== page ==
Objective: Transcapillary heat transfer after injections of cold saline into the right atrium generates bronchial thermodilution curves resembling those observed in the aorta. Under the assumption that no indicator is lost or gained within the pulmonary capillary bed and changes in blood temperature are instantaneously recorded in the bronchial system, we tested the hypothesis that flow rates calculated from bronchial temperature-time curves are similar to those from aortic curves.
Design: Comparative study of two cardiac output estimates in five dogs.
Setting: Research laboratory for Experimental Anaesthesiology.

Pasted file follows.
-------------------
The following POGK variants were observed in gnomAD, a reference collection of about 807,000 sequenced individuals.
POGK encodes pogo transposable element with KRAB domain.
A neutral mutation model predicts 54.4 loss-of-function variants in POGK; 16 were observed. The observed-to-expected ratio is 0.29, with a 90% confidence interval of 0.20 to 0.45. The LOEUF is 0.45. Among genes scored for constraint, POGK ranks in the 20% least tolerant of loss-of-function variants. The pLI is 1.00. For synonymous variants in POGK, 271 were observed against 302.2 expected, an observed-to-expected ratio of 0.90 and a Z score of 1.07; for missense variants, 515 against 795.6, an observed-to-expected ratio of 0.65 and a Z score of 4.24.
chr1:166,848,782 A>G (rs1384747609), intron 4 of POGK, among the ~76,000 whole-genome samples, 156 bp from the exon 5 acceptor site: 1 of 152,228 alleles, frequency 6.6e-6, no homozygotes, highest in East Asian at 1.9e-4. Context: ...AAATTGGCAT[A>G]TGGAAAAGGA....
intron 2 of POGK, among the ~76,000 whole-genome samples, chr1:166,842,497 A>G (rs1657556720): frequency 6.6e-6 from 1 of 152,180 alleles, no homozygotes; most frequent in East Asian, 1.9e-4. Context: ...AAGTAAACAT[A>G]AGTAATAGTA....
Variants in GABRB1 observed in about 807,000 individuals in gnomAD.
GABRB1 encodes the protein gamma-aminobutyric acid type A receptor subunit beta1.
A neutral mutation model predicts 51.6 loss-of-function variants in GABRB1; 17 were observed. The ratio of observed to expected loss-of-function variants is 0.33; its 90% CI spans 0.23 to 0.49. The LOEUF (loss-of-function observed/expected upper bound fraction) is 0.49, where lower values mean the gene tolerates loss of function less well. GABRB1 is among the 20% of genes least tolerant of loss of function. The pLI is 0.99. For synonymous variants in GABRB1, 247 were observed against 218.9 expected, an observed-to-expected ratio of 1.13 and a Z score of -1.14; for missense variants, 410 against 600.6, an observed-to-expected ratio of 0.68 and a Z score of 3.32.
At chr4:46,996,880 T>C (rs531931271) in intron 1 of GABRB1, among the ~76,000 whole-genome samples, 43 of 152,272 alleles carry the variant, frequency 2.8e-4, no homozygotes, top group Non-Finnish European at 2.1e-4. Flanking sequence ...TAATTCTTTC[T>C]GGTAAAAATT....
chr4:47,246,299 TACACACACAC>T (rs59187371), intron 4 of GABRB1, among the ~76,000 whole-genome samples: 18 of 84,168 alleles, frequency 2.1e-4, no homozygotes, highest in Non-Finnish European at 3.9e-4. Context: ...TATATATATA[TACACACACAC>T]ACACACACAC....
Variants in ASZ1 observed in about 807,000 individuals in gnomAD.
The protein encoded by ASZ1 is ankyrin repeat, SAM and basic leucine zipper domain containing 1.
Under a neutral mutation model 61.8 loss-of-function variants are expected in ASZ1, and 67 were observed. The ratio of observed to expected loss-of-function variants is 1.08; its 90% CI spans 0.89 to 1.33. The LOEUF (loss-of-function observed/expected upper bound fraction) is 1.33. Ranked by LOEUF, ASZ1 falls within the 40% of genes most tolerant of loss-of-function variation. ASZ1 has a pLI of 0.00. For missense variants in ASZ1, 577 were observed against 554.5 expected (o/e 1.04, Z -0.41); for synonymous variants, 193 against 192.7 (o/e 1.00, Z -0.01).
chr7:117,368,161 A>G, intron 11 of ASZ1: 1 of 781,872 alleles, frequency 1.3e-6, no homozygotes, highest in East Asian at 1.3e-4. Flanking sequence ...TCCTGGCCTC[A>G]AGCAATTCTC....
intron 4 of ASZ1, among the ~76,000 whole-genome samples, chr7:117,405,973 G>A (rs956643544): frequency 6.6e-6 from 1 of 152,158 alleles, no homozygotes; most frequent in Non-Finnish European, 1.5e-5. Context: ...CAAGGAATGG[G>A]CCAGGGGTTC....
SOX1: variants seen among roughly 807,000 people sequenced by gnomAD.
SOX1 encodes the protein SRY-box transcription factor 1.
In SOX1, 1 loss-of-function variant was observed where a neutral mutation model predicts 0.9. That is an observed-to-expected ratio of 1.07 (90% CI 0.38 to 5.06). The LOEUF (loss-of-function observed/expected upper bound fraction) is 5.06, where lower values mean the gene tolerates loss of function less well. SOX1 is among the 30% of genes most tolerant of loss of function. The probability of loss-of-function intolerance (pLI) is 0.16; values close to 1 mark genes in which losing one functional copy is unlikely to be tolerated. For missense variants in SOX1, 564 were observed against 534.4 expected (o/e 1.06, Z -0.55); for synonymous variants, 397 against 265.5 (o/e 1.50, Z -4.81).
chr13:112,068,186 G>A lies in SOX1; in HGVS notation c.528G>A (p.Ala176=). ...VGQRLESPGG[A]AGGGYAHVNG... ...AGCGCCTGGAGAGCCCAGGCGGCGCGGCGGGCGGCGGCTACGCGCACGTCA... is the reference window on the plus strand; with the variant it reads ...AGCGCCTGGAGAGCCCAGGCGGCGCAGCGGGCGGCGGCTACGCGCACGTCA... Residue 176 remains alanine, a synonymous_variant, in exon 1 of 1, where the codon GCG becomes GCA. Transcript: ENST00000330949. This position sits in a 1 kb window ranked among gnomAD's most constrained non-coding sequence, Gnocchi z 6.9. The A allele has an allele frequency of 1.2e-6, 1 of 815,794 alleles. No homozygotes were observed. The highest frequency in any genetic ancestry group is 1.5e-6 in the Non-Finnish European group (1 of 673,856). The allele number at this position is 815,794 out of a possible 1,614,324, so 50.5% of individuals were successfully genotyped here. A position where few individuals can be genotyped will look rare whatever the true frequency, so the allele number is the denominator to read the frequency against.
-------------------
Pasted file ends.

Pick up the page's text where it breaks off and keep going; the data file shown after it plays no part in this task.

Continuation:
Interventions: Cardiac output was decreased (repeated withdrawal of blood) and increased (infusion of colloids or dobutamine) in order to study a wide range of cardiac outputs.
Measurements and results: Thermistors were placed in a bronchiole (wedge position) and in the ascending aorta of anaesthetized dogs. Bronchial and aortic thermodilution curves were recorded after injection of 5 mi ice-cord saline into the right atrium. We found that bronchial thermodilution yields flow estimates similar to those from aortic curves. Correlation between the two now estimates was acceptable (r = 0.84) with a mean difference between the two of less than 2 %.
Conclusion: We conclude that the Stewart-Hamilton equation may be extended to bronchial temperature-time curves for estimations of cardiac output. At this time, however, we do not advocate bronchial thermistors as suitable and less invasive alternatives to pulmonary arterial catheters for routine cardiac output measurements in patients.